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Vampirism: Blood Lust or Love Lust?

A few months ago, I read that there are “real life”, blood-drinking vampires living in New Orleans. Known as the New Orleans Vampire Association, or NOVA, more than 50 people are claiming a health disorder were they need to drink animal or human blood in order to survive. The Atlanta Vampire Alliance have stated that there are roughly 5,000 people in the US that identify as vampires. These communities of “vampires” have sprung up all around the country, with New Orleans and Atlanta on the top of the list. The website, RedFin, actually posted a list of the ‘10 Best U.S. Cities to Be a Vampire‘, with Philadelphia taking first place. Is this all just wishful thinking, or is it the real deal? This all got me thinking about the modern vampiric culture that people love and the millennium-old folklore behind it.

Vampires are supposedly worldly creatures, appearing in multiple cultures that had not yet communicated with each other. Much like the ancient idea of aliens, dragons, and the afterlife, they all seem to contain a lot of similarities. The African “obayifo,” the Russian “upyr” and the Malaysian “penanggalan,”all have a taste for children while the Indian “vetalas” and the Scottish “baobhan sith” lust after men.

It’s hard to pin point one sole origin of the vampire, and legend has it that vampires must be created by another vampire. Some say that the first vampire arose in ancient Egypt, a demon arising from sorcery to this world from another. Many other popular myths begin in the Dark Ages, a time of extreme superstition. Some of the oldest accounts of vampires portray them as a demonic and immortal entity.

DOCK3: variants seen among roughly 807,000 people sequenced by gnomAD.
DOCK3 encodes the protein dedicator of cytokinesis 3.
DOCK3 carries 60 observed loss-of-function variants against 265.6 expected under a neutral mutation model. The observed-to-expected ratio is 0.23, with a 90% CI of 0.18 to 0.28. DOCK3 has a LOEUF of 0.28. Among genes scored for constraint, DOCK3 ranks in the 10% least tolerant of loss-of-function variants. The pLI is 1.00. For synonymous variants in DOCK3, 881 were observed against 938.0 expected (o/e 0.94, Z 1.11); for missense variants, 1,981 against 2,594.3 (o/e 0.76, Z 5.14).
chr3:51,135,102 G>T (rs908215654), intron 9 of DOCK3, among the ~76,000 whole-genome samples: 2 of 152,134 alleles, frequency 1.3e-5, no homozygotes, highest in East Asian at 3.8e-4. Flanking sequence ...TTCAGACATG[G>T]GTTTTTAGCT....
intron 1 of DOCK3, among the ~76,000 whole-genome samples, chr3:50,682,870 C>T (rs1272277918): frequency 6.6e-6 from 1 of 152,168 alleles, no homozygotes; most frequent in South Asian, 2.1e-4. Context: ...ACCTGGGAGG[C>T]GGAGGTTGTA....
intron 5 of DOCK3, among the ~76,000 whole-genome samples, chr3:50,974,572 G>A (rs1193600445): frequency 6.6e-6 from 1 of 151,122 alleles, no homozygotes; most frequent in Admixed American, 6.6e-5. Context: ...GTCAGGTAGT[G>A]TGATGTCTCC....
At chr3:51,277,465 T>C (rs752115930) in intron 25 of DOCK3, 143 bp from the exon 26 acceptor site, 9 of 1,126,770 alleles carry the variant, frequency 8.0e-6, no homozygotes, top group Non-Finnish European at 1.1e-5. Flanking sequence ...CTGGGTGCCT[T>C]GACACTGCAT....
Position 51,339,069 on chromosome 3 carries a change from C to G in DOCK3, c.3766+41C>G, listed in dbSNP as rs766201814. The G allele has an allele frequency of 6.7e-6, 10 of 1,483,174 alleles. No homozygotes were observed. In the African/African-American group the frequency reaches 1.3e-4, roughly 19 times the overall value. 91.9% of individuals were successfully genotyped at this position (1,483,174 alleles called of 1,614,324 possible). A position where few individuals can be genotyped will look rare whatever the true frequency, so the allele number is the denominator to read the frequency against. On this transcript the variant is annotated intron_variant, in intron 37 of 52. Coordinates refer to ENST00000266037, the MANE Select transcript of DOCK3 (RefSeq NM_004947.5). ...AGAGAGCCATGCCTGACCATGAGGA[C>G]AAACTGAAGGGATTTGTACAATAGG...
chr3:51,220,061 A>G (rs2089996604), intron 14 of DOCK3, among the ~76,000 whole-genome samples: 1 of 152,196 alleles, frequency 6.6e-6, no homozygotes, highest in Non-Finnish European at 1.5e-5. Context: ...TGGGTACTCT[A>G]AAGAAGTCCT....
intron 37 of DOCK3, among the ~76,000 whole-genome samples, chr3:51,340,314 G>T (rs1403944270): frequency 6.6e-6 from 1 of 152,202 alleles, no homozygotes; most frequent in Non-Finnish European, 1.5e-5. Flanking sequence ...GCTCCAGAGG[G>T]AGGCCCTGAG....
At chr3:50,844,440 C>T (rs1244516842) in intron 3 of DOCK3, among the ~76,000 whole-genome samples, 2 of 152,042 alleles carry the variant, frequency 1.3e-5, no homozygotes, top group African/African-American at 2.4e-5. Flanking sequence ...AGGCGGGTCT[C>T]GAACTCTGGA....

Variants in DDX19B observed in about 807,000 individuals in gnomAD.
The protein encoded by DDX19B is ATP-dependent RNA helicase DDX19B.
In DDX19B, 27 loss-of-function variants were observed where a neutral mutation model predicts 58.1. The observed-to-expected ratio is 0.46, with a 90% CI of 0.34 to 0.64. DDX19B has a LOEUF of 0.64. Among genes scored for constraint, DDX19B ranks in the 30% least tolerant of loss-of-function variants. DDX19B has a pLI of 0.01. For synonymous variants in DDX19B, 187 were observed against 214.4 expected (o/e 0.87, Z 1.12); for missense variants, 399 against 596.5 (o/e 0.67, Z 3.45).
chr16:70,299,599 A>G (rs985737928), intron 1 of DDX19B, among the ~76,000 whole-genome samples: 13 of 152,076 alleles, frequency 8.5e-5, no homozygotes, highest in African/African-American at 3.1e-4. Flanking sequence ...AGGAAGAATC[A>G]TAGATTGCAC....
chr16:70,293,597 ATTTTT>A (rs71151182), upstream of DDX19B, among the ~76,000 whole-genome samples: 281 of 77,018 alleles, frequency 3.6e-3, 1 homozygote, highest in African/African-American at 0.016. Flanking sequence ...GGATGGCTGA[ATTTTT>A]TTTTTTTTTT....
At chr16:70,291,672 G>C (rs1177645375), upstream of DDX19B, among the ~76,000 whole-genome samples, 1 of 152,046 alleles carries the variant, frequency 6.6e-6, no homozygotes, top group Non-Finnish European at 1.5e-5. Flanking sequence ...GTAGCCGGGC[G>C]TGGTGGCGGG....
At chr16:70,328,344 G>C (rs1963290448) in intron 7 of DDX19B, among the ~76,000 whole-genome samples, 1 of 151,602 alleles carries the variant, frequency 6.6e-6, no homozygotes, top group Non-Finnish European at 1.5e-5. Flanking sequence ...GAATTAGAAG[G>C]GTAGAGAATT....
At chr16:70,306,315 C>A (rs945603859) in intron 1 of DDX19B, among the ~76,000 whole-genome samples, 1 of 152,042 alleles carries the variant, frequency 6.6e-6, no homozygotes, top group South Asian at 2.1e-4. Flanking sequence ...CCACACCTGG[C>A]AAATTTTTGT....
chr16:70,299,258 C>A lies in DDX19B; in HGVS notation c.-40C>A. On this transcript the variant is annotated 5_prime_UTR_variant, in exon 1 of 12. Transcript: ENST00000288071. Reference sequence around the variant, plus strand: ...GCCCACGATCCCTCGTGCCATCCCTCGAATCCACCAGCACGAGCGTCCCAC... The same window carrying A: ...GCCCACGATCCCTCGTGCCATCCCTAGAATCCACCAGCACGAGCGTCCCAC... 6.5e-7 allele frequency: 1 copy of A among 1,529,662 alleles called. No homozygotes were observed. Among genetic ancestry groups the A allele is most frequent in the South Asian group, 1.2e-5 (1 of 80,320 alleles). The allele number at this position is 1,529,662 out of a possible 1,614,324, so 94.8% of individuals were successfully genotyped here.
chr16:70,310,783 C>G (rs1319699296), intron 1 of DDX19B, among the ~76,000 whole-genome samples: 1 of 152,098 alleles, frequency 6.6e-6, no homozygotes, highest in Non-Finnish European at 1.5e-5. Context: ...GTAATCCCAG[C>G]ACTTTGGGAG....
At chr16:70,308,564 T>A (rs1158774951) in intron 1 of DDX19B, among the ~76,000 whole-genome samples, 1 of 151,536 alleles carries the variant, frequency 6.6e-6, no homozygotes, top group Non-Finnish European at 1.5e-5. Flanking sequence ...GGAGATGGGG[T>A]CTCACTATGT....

One of the oldest origin stories is that of Lilith. Supposedly the first wife of Adam, Lilith was banished from the Garden of Eden for not being submissive to him. As such, her offspring were promised to be that of demons. The story goes that Lilith would steal young children from their beds, only to be consumed for power and would also seduce men in order to procure demonic offspring. The fatal breeding and consumption of children ended with the ritualistic drinking of the blood, thus making the violent Lilith known as the Mother of Vampires.

The most modern account of the origin of vampires comes from the Scriptures of Delphi, which now act as a sort of mythological reference system. These state that the first vampire started out as a young Greek man named Ambrogio. But the legend of vampirism that we hold to this day really started to take a hold in 18th century Western Europe, after it flew in from the Balkans and Eastern Europe. At this time, panic erupted, leading corpses to be burned and mutilated and wild accusations of local vampires. This only escalated throughout time.

More and more myths arose about vampires, seeming to solidify them. Vampires were said to sleep in coffins and light fire at the touch of sunlight. Vampires don’t cast shadows,  aren’t visible in mirrors, and have fangs perfect for puncturing skin. People held on to these rumors to try and identify a vampire and, as they seemed to always anticipate an attack, would protect themselves with wooden stakes, holy water and garlic. Today, all of this seems like paranoid superstition. But if I was taught repeatedly that there were un-dead corpses that shed bloody tears, had psychic hypnotic and telekinetic powers, and they wanted to drink my blood, I would be scared too.

Now much of our world is shrouded by stories of modern vampires with their own love affairs and their own 21st century lives. More and more people seem to want to adopt to that life style. Case and point: The Atlanta Vampire Alliance and New Orleans Vampire Association. With all these rumors and crazy proclamations, it’s hard to hold true of the base and history of this infamous lore. This century-old vampiric mania begs the question: if not today, had vampires ever once existed on our earth? And if they did, are they here now?


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